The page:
Server virtualization is creating a new market for an old storage technology.
Server virtualization is creating a new market for an old storage technology, as evidenced by HP’s latest products.
HP this week unveiled a direct-attached storage (DAS) product that works with its server BladeSystem to give smaller businesses a storage solution to match their virtual server environments.
» Virtualization Arrives for HP SANs
» Virtualization Comes to Storage
» Is Virtualization the Future of Supercomputing?
Long relegated to second-class status as storage networks gained in popularity, DAS is making a comeback as a way for smaller businesses to move to a more efficient storage environment to keep pace with their virtual server deployments, only the new generation of direct-attached storage solutions from the likes of IBM and Dell use SAS connections and other technologies to make storage more flexible and efficient.
HP’s new direct connect SAS storage pushes the technology further, with storage devices that can expand to 192TB and serve as many as 32 blade servers.
Part of a package of server virtualization announcements this week, the direct connect storage for the HP BladeSystem includes the new HP StorageWorks 3Gb/s BL SAS Switch, the P700m Smart Array Controller and the HP StorageWorks MSA2000sa.
Lee Johns, HP’s director of marketing for Entry Storage and Storage Blades, said the new offerings combine “the simplicity and cost of DAS with the flexibility and resource utilization of a SAN.”
Unsure About an Acronym or Term?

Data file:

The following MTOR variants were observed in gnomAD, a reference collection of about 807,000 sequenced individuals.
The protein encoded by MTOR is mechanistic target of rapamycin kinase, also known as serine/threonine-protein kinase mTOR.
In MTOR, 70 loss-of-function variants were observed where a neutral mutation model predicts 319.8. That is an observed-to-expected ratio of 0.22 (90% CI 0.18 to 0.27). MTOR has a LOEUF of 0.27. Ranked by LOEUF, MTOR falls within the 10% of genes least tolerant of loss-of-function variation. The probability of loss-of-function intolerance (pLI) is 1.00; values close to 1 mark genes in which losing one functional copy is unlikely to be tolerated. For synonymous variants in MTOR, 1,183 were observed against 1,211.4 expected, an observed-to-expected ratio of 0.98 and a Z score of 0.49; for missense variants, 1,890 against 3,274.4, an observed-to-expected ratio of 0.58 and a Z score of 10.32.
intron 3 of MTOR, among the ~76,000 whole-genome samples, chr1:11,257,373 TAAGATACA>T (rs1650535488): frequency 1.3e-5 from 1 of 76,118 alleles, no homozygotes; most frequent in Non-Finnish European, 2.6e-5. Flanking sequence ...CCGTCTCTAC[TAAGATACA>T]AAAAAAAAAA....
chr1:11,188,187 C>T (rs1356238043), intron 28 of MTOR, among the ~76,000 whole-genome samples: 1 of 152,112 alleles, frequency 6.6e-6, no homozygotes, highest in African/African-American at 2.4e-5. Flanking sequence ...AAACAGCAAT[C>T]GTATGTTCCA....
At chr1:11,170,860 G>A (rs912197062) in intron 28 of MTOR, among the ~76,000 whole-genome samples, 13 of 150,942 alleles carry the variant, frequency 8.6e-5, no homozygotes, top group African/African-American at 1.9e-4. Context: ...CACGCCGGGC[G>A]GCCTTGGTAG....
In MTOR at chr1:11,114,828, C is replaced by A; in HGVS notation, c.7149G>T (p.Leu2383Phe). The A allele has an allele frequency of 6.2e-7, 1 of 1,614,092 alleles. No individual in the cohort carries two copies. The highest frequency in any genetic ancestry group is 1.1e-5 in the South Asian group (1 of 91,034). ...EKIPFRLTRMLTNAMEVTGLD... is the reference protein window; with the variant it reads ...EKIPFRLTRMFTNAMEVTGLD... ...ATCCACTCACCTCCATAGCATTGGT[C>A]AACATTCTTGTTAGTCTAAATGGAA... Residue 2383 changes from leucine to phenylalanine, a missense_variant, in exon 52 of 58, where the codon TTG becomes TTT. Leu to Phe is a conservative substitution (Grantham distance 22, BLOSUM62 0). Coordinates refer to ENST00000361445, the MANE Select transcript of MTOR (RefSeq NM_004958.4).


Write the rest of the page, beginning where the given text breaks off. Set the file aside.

“Server virtualization forces you to think about shared storage,” he said. The new DAS offerings, he said, offer “more effective storage for sever people who haven’t quite moved to a SAN.”
The offerings come a week after HP closed its acquisition of iSCSI vendor LeftHand Networks. HP, like Dell, sees iSCSI gaining traction as a storage networking technology for server virtualization environments.
Johns said HP’s direct connect storage can also be used as building blocks for an iSCSI storage network if users find they outgrow their shared storage DAS environments.
“It’s great to see DAS, and particularly SAS-based DAS … get some of
the respect that they deserve as a key storage building block component,” said Greg Schulz, founder and senior analyst at StorageIO group.
SAS is driving the resurgence of interest in DAS, Schulz said, “breaking the myth that all storage needs to be networked with iSCSI, Fibre Channel, InfiniBand or NAS.”
Schulz said the new generation of DAS is not only useful for small environments coping with server virtualization, but also for “the proliferation of clustered storage solutions, grid, cloud and other new or repackaged storage approaches, those solutions that often rely upon general purpose servers or blade systems also leverage SAS DAS and in some cases, while the solution may in fact be a NAS or other networked storage service, the physical storage itself is increasingly being SAS-based DAS.”
HP’s shared storage DAS model makes for more efficient storage by directly connecting storage devices such as switches, disk arrays and rack enclosures to make better use of resources. The MSA2000sa connects directly to the 3Gb/s SAS switch installed in the BladeSystem enclosure, and each BladeSystem server has a P700m Smart Array Controller that connects to redundant 3Gb/s BL SAS switches. The solution can also eliminate local BladeSystem server drives to improve the efficiency and maintenance of image management by centralizing boot images onto shared storage.
A bundle of redundant HP StorageWorks 3Gb/s SAS BL Switches and the HP StorageWorks MSA2000sa storage array will be available next month at a list price of $9,999.
This article was originally published on Enterprise Storage Forum.